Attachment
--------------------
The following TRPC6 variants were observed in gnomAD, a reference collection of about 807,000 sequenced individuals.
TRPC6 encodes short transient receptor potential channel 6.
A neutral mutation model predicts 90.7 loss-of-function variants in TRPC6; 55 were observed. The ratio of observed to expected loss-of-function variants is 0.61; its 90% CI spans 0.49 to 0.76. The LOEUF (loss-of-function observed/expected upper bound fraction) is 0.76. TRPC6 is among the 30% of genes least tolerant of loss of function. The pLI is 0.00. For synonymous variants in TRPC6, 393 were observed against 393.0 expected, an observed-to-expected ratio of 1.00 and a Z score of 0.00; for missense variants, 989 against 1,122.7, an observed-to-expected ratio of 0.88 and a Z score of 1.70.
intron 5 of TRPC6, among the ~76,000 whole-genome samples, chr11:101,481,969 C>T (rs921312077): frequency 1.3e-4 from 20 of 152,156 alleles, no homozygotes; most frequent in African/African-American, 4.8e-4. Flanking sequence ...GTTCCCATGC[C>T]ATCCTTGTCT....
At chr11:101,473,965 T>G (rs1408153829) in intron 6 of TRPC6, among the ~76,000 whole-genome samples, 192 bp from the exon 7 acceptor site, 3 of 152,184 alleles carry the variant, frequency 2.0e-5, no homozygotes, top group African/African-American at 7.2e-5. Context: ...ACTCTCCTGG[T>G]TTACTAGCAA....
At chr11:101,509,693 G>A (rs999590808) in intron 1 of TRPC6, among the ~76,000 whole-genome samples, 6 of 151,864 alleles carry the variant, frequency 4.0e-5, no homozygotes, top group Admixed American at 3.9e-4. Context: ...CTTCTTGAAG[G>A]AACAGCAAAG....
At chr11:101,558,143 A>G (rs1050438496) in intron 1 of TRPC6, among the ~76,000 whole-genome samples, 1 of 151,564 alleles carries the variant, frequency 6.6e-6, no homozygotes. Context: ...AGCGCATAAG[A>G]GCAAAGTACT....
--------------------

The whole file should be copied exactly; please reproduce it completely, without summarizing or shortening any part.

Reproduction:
The following TRPC6 variants were observed in gnomAD, a reference collection of about 807,000 sequenced individuals.
TRPC6 encodes short transient receptor potential channel 6.
A neutral mutation model predicts 90.7 loss-of-function variants in TRPC6; 55 were observed. The ratio of observed to expected loss-of-function variants is 0.61; its 90% CI spans 0.49 to 0.76. The LOEUF (loss-of-function observed/expected upper bound fraction) is 0.76. TRPC6 is among the 30% of genes least tolerant of loss of function. The pLI is 0.00. For synonymous variants in TRPC6, 393 were observed against 393.0 expected, an observed-to-expected ratio of 1.00 and a Z score of 0.00; for missense variants, 989 against 1,122.7, an observed-to-expected ratio of 0.88 and a Z score of 1.70.
intron 5 of TRPC6, among the ~76,000 whole-genome samples, chr11:101,481,969 C>T (rs921312077): frequency 1.3e-4 from 20 of 152,156 alleles, no homozygotes; most frequent in African/African-American, 4.8e-4. Flanking sequence ...GTTCCCATGC[C>T]ATCCTTGTCT....
At chr11:101,473,965 T>G (rs1408153829) in intron 6 of TRPC6, among the ~76,000 whole-genome samples, 192 bp from the exon 7 acceptor site, 3 of 152,184 alleles carry the variant, frequency 2.0e-5, no homozygotes, top group African/African-American at 7.2e-5. Context: ...ACTCTCCTGG[T>G]TTACTAGCAA....
At chr11:101,509,693 G>A (rs999590808) in intron 1 of TRPC6, among the ~76,000 whole-genome samples, 6 of 151,864 alleles carry the variant, frequency 4.0e-5, no homozygotes, top group Admixed American at 3.9e-4. Context: ...CTTCTTGAAG[G>A]AACAGCAAAG....
At chr11:101,558,143 A>G (rs1050438496) in intron 1 of TRPC6, among the ~76,000 whole-genome samples, 1 of 151,564 alleles carries the variant, frequency 6.6e-6, no homozygotes. Context: ...AGCGCATAAG[A>G]GCAAAGTACT....